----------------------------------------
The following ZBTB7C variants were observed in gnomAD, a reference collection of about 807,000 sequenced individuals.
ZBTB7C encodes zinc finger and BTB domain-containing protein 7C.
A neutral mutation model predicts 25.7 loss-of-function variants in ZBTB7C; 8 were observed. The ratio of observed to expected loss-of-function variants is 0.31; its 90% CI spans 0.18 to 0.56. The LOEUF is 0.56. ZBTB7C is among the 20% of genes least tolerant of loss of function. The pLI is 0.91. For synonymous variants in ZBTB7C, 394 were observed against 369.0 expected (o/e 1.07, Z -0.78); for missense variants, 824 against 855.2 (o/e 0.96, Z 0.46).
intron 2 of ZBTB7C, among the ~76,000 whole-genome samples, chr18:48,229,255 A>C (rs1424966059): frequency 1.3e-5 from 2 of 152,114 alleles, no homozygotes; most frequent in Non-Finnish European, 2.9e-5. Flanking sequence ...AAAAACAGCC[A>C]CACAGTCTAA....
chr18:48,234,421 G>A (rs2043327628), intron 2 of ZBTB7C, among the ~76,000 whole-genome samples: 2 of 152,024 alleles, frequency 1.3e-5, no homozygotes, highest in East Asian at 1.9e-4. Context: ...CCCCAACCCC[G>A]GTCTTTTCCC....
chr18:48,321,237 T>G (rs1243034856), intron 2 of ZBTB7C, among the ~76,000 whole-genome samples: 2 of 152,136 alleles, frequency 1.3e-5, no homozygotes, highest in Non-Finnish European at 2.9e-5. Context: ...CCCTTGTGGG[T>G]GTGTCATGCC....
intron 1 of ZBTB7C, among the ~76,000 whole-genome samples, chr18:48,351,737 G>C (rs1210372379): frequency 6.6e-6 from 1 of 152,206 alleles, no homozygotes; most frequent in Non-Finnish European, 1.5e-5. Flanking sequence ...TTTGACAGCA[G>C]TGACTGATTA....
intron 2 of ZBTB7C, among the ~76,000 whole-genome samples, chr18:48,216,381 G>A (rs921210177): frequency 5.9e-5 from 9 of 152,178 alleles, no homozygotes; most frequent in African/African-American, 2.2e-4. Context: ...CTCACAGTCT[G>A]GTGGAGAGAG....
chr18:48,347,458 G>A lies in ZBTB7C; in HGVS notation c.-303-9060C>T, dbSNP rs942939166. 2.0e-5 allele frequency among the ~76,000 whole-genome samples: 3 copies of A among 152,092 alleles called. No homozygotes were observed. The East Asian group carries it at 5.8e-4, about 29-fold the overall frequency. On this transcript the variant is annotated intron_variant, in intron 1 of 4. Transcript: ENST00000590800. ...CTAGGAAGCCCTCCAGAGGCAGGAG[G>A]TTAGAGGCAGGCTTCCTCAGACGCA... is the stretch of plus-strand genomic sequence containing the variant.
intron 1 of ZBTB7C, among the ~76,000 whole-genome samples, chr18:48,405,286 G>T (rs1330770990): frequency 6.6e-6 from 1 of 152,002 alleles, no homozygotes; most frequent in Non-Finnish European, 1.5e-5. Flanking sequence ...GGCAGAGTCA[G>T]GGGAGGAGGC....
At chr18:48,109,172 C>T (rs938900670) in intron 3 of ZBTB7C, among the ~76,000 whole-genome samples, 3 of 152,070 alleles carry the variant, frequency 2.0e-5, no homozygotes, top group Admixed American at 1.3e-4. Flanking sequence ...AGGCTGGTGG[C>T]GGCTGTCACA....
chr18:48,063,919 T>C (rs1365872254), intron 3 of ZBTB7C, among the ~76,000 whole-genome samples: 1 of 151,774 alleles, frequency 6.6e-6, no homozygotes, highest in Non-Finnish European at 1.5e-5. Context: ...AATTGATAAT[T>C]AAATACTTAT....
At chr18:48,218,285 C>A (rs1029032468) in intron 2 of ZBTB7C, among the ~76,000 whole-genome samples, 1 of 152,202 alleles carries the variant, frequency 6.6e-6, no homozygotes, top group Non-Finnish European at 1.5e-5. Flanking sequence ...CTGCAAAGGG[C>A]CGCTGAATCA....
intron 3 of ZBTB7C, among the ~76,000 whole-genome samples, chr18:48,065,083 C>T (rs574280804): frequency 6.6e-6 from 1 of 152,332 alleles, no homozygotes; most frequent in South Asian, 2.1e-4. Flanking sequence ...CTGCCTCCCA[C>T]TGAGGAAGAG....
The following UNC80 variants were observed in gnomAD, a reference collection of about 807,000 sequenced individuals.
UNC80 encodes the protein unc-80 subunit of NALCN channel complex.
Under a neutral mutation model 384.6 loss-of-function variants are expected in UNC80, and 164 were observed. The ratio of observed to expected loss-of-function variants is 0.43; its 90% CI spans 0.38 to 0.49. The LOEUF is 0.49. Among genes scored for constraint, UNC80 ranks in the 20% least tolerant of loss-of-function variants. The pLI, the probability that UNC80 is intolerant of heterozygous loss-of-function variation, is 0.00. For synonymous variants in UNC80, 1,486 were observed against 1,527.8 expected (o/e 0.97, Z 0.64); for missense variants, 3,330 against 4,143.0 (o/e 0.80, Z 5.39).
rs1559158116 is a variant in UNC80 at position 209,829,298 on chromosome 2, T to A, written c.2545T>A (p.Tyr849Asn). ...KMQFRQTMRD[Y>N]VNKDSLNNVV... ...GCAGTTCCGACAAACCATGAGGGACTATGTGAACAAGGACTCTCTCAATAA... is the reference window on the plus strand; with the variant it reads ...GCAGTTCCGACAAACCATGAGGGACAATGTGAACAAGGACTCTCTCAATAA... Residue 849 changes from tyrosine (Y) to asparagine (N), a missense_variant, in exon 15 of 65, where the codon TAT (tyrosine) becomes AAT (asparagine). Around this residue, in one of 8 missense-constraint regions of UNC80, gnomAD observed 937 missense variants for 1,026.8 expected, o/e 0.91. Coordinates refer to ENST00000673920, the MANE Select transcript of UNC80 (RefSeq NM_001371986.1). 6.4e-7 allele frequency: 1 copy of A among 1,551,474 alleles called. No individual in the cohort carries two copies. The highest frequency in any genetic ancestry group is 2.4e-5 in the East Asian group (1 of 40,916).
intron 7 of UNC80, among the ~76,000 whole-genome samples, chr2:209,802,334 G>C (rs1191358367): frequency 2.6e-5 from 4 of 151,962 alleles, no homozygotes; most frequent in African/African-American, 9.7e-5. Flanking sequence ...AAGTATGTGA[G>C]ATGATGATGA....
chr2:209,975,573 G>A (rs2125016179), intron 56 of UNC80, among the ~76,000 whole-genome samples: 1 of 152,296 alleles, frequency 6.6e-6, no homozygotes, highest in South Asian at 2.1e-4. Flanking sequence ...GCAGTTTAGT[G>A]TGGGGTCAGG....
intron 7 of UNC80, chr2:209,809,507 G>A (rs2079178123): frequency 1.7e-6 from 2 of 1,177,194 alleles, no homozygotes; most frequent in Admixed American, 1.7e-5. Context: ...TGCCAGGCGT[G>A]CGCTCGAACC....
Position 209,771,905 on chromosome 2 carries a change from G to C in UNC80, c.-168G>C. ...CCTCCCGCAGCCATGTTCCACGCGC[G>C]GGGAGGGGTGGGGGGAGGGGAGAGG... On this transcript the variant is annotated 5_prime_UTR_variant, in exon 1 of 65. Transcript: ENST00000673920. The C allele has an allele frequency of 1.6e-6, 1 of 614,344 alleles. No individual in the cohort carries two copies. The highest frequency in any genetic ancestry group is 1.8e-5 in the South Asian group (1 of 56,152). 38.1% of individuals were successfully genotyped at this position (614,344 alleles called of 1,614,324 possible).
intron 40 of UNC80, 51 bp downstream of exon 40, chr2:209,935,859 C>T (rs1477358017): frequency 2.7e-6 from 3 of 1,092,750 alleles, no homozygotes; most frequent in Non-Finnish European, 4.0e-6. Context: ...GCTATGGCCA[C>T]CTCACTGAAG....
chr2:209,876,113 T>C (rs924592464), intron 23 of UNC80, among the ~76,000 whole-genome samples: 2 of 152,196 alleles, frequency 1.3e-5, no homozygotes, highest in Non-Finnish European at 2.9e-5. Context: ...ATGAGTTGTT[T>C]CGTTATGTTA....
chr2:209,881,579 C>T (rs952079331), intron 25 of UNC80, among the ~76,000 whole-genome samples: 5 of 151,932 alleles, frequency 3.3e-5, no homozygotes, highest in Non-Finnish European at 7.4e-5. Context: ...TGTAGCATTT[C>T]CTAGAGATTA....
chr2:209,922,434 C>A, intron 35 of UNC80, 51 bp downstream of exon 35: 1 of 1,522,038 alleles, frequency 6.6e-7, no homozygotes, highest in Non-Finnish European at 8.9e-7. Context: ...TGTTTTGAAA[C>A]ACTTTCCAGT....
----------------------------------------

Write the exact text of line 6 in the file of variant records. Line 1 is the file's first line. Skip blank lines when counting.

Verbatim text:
chr18:48,321,237 T>G (rs1243034856), intron 2 of ZBTB7C, among the ~76,000 whole-genome samples: 2 of 152,136 alleles, frequency 1.3e-5, no homozygotes, highest in Non-Finnish European at 2.9e-5. Context: ...CCCTTGTGGG[T>G]GTGTCATGCC....